The box design is actually a big factor in the resale value of a LEGO set. Like with many other collectibles, the product is never actually opened (or in this case, built) and is used as an ornament rather than a toy. Having a unique, aesthetically pleasing or striking design can be very appealing to collectors.
Another element for predicting the market for a LEGO set is its theme.
Many LEGO sets come with figures, which are miniature representations of characters, people and animals. Some of these are particularly rare or popular, which can be a driving point in a set’s value.
A great example is Star Wars, one of the most popular LEGO themes. I’m sure most of you have seen (or perhaps even built) a miniature Death Star out of LEGO bricks. Visiting any toy section in a retail store, you’re sure to encounter a large number of Star Wars pieces on display.
Conversely, themes that are aimed toward a younger demographic (such as Unikitty and LEGO Movie) have worse value as a collector’s item. The reason is simple: There is far less demand, and fans of these sets don’t have the same income as adults anyways, which kills the aftermarket price.
It’s worth considering nostalgia as a factor when purchasing. Themes that may otherwise seem to have a limited/younger audience (Sesame Street for example) can actually play into a purchaser’s emotions and influence their decision. Humans aren’t purely rational, and like with all collectibles, emotion plays a huge part in all this.
How to source LEGO sets for investing
LEGO investing is like real estate: You don’t make money when you sell, you make money when you buy. This means sourcing quality LEGO sets at the right price (and at the right time) is everything.
Use data to your advantage
Sourcing a particular set once it’s nearing retirement can be difficult, as other hungry, shark-like investors will be on the prowl for that sweet supply. One good initial strategy is to assess the official LEGO website and see which sets are routinely out of stock. These are probably already very popular, and an indicator of future scarcity.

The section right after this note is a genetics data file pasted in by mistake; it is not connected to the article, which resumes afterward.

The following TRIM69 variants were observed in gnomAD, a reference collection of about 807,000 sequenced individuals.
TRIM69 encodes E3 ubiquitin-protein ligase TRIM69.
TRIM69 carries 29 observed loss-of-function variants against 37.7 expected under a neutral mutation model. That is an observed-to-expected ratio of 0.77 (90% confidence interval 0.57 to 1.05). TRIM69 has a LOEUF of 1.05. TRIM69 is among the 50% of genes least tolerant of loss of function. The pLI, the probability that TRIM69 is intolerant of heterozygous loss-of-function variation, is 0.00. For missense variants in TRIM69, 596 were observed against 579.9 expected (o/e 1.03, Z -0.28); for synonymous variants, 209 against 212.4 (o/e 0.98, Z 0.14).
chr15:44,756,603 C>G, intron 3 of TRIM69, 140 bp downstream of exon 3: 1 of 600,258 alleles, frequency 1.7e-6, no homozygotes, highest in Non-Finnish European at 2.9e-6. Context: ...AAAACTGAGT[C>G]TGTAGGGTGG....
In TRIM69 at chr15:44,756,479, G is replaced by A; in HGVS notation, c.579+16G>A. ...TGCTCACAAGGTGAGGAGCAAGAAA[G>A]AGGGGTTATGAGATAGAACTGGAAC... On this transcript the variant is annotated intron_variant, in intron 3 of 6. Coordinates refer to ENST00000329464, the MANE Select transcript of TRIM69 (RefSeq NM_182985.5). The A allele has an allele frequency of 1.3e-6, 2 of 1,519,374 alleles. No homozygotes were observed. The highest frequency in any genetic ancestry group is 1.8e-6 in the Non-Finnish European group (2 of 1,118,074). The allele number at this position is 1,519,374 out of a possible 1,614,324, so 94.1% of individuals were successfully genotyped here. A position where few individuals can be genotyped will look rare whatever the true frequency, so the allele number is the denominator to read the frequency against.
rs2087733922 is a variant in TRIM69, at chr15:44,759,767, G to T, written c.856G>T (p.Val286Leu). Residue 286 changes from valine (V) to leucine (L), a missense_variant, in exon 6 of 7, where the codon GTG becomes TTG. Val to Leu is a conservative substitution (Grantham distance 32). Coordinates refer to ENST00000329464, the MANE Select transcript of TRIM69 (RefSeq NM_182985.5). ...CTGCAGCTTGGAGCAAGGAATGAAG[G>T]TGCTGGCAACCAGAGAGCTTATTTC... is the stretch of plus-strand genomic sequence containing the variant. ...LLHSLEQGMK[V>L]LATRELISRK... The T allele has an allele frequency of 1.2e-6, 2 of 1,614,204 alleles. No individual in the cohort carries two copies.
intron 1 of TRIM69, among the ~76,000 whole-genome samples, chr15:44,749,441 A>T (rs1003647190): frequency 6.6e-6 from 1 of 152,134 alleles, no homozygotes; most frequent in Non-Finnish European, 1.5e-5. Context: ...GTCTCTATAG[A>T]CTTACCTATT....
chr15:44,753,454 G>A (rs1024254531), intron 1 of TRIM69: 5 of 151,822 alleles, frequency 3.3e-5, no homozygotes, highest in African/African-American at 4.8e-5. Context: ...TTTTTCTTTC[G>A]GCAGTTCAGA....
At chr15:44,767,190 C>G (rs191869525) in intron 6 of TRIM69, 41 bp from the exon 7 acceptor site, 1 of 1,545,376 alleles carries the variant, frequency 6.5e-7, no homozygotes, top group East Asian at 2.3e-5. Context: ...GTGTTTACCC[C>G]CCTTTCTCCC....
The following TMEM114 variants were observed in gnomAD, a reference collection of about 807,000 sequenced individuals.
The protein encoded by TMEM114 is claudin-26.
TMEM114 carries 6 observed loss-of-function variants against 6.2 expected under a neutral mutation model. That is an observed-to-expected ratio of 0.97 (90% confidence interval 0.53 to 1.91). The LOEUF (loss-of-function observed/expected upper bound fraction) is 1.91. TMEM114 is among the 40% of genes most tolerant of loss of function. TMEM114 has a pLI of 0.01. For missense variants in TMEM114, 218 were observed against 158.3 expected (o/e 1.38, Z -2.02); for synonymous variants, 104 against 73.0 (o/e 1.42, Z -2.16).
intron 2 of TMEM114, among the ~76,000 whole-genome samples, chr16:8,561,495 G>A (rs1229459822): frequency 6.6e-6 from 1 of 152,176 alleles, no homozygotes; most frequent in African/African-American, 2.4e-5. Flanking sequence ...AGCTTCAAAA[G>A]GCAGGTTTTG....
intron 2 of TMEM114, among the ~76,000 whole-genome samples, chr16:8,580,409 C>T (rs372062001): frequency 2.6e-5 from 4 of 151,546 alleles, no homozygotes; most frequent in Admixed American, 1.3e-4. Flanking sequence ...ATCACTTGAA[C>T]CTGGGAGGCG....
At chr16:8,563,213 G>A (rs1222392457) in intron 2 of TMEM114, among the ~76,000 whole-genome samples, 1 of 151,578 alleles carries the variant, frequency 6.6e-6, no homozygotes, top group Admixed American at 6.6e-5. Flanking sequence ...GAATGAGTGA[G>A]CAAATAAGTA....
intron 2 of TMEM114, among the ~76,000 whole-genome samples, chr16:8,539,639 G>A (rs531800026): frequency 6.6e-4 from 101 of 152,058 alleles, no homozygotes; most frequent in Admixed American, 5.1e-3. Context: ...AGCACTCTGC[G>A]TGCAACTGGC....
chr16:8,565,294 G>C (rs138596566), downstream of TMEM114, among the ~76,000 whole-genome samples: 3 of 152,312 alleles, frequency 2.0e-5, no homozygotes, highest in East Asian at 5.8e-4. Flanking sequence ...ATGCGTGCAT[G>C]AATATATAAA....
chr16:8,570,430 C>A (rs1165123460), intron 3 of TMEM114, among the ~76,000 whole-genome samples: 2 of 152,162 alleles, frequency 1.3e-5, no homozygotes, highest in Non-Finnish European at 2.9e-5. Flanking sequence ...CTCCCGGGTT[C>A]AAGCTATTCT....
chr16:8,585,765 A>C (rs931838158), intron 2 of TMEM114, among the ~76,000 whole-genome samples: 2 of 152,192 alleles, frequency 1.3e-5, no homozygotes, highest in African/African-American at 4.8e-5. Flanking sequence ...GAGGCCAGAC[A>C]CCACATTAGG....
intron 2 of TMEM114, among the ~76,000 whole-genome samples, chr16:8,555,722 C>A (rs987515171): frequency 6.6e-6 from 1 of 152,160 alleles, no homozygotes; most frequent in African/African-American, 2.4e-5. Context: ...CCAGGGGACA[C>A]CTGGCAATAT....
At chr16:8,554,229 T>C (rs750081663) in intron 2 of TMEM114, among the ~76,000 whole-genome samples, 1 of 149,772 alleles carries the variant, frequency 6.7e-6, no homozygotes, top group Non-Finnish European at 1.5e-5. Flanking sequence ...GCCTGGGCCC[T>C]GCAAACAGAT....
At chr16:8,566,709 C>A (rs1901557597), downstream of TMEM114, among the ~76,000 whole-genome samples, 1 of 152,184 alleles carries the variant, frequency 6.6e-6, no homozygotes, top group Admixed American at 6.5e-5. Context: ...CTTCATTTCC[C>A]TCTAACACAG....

But anyone can do that. What many investors don’t bother to do is get knee-deep into the data.
Charlie uses an Amazon price tracking software called Keepa to closely monitor current market prices of hundreds of LEGO sets. He sets up alerts to ping him when the price of a set drops or rises drastically, and uses that in conjunction with rich historical data to make his decision.
Looking at the chart above might feel like you’re studying for an Economics degree. (I swear, there are Bloomberg terminals that are easier to read than this…)
But Charlie promises, give Keepa a shot. Once you get the hang of it, you’ll be able to plan your entry and exit points with ease. And of course, if you get stuck, Charlie covers this in The Lego Handbook.
Speed and timing
As with all markets, data is important. But it isn’t everything. There may be external factors that will cause certain sets to quickly rise in value. If you’re tuned into pop culture and quick on your toes, you can capitalize on these pretty easily.
For example, take the story of Gina Carano. Gina was an actor who played Cara Dune on The Mandalorian. She was “canceled” (ugh I hate that term) as a result of some inflammatory social media posts. Soon after the posts surfaced, she was fired by Disney, and forced to leave the cast.
Cancel culture implications & ethics aside, it turns out the official LEGO website had a specific set containing a figure of her. As news of her departure spread, the set immediately became highly sought-after by Star Wars collectors and LEGO investors alike. Within a day, it was selling on Amazon for over double its retail price!
LEGO set investing checklist